A group of Japanese soldiers are imprisoned for their crimes during World War II.
Director: Masaki Kobayashi
Cast: Kô Mishima, Torahiko Hamada, Keiko Kishi, Toshiko Kobayashi
MPAA Rating: N/A
Fun Fact: Shelved for four years due to the content in the film about the war.
I was browsing my local library again looking for interesting films to watch for this site. I started to get into more foreign films lately and have wanted to see more. I looked at the cover of The Thick-Walled Room and decided to give it a try. I was doing research about the film and found very little about it. There was very little info about it and it seemed like a forgotten film. The only way you can see it is through the Criterion Collection Eclipse series.
I’m very glad I saw this film and if you can get a copy of it check it out. It feels very real in its plot and subject matter. I can see the reasons why it was shelved for the four years. The war tore Japan apart and the country was still recovering from the aftermath of everything. At the time, it was a major risk to make a film like this. I admire Kobayashi’s taking of the film. He was known for making political statements in his films and this is one of them. Kobayashi directs the actors well and uses the script to its full potential. The film makes a statement and that was the goal.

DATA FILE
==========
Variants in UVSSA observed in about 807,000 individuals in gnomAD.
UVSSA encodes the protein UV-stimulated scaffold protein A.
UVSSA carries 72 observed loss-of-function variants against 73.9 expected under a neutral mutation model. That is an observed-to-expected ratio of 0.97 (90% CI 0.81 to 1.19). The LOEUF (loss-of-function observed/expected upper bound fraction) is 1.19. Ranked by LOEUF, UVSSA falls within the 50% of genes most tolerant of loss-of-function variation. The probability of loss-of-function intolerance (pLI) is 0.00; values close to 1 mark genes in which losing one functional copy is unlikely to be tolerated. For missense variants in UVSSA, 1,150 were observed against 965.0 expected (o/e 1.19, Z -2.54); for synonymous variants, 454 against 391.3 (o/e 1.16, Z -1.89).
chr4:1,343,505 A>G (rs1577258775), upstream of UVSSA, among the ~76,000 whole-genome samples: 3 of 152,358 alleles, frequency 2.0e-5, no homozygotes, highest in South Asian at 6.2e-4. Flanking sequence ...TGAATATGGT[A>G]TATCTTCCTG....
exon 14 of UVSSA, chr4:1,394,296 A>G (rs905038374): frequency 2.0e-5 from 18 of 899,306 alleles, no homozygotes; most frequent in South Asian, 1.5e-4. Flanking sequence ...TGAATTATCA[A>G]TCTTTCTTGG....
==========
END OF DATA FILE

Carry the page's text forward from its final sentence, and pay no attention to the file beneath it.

The film is shot beautifully. It’s well paced and the editing flows enough for easy transition. When the flashback scenes happen it fits in what is going on and it isn’t choppy or gives you a out of place feeling. While some films have a hard time with flashback scenes but, this film is not one of them. The editing was essential to this film and it was pulled of masterfully.
All the actors played their parts well. You want to like these characters but, you know they did something wrong. You see the characters in their state and doing their daily routine. Some of them start to slowly break down. There is a scene in the film that a man is alone in the cell. He isn’t feeling well and he starts to crack. We get a flashback on what happened in his life and how he got to prison. I won’t spoil what happens but, you feel bad for him in a way and you don’t. Are these characters guilty for their crimes? That’s for us the viewers to decide.
Overall, The Thick-Walled Room is a rare film that should be seen by all. It has a political plot and statement but, think of the time that it was filmed. It’s shot well and the editing is what keeps the film together. The whole film flows well and if you can get your hands on a copy I suggest you watch it.